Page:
Nanostructures to Engineer 3D Neural‐Interfaces: Directing Axonal Navigation toward Successful Bridging of Spinal Segments

Emily R. Aurand, Sadaf Usmani, Manuela Medelin, Denis Scaini, Susanna Bosi, Federica B. Rosselli, Sandro Donato, Giuliana Tromba, Maurizio Prato and L. Ballerini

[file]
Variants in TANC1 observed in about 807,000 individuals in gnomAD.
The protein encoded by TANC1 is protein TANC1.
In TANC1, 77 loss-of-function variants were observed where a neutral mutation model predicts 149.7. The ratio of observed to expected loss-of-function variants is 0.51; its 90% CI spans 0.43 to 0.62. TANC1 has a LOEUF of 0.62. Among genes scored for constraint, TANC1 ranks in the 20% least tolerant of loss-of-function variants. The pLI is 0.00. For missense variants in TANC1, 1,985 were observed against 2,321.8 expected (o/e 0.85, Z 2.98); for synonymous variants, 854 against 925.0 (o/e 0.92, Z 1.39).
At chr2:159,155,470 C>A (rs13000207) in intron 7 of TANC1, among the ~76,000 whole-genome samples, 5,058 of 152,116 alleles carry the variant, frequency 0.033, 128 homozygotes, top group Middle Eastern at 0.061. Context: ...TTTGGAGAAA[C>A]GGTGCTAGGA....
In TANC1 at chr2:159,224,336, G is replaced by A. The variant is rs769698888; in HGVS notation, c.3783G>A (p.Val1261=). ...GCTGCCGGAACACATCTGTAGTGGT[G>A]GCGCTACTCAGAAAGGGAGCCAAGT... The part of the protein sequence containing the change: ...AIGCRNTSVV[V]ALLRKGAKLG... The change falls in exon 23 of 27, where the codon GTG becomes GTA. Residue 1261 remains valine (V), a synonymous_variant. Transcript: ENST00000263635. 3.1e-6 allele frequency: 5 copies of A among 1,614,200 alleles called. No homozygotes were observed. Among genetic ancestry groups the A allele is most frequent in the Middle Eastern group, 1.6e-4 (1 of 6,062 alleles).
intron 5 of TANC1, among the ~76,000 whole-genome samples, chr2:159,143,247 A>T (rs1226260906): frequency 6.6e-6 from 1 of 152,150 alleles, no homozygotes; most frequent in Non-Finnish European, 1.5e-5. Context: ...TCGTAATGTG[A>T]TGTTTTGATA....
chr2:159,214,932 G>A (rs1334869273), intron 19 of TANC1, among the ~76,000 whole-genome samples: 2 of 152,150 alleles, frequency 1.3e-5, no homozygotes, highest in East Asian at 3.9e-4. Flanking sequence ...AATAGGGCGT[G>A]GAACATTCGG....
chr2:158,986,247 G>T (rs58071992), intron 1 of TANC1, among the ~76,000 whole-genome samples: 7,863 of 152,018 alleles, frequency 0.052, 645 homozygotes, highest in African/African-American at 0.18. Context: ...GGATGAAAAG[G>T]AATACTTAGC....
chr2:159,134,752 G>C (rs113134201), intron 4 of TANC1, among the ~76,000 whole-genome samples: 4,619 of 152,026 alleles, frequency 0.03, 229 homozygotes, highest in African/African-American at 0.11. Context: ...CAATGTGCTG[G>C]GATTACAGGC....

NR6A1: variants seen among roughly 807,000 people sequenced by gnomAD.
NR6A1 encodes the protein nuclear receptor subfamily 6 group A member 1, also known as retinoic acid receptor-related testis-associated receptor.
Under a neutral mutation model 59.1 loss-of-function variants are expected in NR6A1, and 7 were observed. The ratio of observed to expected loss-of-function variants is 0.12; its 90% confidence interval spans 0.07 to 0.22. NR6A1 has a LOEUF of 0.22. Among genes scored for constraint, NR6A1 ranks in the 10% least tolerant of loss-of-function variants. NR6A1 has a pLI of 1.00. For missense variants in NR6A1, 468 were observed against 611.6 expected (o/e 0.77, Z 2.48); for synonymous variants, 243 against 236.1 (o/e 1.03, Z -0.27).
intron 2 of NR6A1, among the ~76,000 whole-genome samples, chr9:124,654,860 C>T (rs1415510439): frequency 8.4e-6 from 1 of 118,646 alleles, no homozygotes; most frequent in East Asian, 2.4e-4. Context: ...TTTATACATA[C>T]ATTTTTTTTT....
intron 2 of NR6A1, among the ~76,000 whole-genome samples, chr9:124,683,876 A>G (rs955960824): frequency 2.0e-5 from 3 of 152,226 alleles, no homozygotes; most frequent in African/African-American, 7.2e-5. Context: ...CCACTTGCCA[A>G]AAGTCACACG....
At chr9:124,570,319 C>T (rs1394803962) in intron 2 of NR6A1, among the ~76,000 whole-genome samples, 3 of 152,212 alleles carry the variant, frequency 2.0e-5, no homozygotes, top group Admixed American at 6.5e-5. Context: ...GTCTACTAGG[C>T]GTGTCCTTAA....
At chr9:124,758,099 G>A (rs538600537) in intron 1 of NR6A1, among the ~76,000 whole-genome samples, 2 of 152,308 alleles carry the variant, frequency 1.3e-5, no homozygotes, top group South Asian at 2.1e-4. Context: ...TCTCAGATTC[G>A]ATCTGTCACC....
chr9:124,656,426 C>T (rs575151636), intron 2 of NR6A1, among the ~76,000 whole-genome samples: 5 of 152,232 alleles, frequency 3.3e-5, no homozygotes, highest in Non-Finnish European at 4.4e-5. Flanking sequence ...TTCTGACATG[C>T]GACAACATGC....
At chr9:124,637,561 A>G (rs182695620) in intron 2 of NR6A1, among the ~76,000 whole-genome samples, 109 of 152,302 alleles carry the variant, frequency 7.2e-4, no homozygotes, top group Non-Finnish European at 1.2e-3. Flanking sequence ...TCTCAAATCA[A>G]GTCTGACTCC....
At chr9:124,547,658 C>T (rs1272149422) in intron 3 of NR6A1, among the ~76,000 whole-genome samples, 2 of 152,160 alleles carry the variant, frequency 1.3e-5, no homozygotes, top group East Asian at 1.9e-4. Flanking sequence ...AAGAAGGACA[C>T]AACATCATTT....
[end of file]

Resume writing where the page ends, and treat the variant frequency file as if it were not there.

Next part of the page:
Neural interfaces are the core of prosthetic devices, such as implantable stimulating electrodes or brain–machine interfaces, and are increasingly designed for assisting rehabilitation and for promoting neural plasticity. Thus, beyond the classical neuroprosthetic concept of stimulating and/or recording devices, modern technology is pursuing toward ideal bio/electrode interfaces with improved adaptability to the brain tissue. Advances in material research are crucial in these efforts and new developments are drawing from engineering and neural interface technologies. Here, a microporous, self‐standing, 3D interface made of polydimethylsiloxane (PDMS) implemented at the interfacing surfaces with novel conductive nanotopographies (carbon nanotubes) is exploited. The scaffold porosity is characterized by 3D X‐ray microtomography. These structures are used to interface axons regenerated from cultured spinal explants and it is shown that engineering PDMS 3D interfaces with carbon nanotubes effectively changes the efficacy of regenerating fibers to target and reconnect segregated explant pairs. An improved electrophysiological performance is shown when the spinal tissue is interfaced to PDMS enriched by carbon nanotubes that may favor the use of our substrates as regenerative interfaces. The materials are implanted in the rat brain and a limited tissue reaction surrounding the implants at 2, 4, and 8 weeks from surgery is reported.

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